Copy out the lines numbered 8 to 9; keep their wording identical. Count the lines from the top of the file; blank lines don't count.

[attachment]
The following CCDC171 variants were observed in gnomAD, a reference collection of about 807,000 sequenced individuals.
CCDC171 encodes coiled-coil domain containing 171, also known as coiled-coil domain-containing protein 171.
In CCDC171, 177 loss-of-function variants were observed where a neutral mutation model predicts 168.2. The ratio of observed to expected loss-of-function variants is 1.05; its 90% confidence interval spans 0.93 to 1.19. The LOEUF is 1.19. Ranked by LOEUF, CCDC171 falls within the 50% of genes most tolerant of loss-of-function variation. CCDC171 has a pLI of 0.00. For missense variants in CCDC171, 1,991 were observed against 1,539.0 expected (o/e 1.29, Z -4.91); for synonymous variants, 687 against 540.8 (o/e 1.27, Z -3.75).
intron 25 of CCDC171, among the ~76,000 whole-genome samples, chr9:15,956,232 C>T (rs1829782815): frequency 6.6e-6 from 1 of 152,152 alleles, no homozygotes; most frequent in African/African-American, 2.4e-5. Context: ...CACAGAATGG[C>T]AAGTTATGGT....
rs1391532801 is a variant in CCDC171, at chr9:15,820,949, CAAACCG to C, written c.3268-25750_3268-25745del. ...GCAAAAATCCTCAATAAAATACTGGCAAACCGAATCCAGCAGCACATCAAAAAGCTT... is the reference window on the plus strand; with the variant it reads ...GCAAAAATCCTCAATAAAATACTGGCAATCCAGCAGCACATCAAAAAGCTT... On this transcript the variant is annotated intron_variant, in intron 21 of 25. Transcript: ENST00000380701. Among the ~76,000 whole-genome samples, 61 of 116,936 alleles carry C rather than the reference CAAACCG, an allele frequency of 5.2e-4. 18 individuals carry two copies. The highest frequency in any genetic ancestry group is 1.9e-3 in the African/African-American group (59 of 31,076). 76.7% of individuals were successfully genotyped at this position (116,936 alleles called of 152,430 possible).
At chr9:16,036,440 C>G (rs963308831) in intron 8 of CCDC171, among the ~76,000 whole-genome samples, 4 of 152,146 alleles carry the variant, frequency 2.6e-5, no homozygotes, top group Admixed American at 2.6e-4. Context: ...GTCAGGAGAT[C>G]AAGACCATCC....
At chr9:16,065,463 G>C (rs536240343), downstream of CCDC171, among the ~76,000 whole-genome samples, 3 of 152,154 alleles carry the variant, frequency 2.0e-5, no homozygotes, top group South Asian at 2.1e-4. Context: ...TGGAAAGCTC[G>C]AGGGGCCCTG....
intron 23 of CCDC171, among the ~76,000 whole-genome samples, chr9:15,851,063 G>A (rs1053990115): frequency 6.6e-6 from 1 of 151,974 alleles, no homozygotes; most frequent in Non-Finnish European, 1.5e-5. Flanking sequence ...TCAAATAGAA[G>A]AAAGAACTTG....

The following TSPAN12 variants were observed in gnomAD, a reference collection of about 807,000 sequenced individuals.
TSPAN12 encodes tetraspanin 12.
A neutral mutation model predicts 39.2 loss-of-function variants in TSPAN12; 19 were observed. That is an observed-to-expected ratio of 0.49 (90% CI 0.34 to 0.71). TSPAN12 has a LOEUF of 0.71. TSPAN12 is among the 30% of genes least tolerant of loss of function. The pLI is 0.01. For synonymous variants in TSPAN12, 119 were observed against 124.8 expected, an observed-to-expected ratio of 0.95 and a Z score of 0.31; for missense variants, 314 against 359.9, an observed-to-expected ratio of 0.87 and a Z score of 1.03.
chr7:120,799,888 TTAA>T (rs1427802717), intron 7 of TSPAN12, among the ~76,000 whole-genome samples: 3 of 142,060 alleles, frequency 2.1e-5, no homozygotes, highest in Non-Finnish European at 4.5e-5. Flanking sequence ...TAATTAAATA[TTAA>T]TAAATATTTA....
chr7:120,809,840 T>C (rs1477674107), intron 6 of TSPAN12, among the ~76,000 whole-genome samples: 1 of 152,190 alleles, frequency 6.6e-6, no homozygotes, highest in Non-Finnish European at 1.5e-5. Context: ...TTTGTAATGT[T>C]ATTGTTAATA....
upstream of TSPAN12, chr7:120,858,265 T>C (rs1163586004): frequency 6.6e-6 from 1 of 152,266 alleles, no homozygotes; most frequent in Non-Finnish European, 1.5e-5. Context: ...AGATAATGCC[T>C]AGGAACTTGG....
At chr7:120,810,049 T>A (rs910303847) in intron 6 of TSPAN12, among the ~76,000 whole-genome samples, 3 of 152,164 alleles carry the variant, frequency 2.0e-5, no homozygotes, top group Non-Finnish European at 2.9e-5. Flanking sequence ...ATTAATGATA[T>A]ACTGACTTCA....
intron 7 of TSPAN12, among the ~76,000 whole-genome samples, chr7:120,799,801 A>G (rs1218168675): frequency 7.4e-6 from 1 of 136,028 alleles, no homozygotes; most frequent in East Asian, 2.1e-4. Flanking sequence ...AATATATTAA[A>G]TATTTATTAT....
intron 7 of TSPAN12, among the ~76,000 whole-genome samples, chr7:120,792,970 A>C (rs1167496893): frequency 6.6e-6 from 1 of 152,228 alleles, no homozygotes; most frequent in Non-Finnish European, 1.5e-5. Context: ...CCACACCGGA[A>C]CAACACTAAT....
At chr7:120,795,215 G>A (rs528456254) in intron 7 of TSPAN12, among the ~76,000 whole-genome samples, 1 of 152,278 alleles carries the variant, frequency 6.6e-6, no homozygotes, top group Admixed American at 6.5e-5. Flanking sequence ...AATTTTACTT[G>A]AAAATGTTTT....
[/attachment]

intron 23 of CCDC171, among the ~76,000 whole-genome samples, chr9:15,851,063 G>A (rs1053990115): frequency 6.6e-6 from 1 of 151,974 alleles, no homozygotes; most frequent in Non-Finnish European, 1.5e-5. Flanking sequence ...TCAAATAGAA[G>A]AAAGAACTTG....

The following TSPAN12 variants were observed in gnomAD, a reference collection of about 807,000 sequenced individuals.